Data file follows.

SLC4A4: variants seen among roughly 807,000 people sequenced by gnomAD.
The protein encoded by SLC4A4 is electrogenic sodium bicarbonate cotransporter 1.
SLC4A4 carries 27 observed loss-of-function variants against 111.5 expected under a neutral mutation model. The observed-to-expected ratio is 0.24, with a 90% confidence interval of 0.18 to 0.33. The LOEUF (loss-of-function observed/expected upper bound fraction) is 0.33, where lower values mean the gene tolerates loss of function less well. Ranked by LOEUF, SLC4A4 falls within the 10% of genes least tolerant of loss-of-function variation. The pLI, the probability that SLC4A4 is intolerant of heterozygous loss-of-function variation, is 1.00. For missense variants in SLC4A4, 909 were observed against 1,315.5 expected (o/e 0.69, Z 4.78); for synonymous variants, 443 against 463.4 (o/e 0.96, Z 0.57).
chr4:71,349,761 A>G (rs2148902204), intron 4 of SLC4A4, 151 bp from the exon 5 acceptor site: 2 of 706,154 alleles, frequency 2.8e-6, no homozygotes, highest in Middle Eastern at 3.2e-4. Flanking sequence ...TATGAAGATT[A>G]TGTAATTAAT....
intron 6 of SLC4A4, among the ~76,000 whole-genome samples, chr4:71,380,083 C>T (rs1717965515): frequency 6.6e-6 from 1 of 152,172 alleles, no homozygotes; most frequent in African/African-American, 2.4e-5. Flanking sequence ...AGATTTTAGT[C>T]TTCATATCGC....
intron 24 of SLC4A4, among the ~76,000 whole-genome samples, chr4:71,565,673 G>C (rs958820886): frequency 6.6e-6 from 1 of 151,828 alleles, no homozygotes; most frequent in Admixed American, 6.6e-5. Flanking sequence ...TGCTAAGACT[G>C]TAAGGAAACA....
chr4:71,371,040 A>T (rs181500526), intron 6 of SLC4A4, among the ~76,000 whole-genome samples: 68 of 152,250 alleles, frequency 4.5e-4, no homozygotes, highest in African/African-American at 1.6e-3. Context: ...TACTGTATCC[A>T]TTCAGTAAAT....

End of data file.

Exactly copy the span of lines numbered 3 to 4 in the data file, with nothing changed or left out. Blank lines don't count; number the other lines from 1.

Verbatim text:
SLC4A4 carries 27 observed loss-of-function variants against 111.5 expected under a neutral mutation model. The observed-to-expected ratio is 0.24, with a 90% confidence interval of 0.18 to 0.33. The LOEUF (loss-of-function observed/expected upper bound fraction) is 0.33, where lower values mean the gene tolerates loss of function less well. Ranked by LOEUF, SLC4A4 falls within the 10% of genes least tolerant of loss-of-function variation. The pLI, the probability that SLC4A4 is intolerant of heterozygous loss-of-function variation, is 1.00. For missense variants in SLC4A4, 909 were observed against 1,315.5 expected (o/e 0.69, Z 4.78); for synonymous variants, 443 against 463.4 (o/e 0.96, Z 0.57).
chr4:71,349,761 A>G (rs2148902204), intron 4 of SLC4A4, 151 bp from the exon 5 acceptor site: 2 of 706,154 alleles, frequency 2.8e-6, no homozygotes, highest in Middle Eastern at 3.2e-4. Flanking sequence ...TATGAAGATT[A>G]TGTAATTAAT....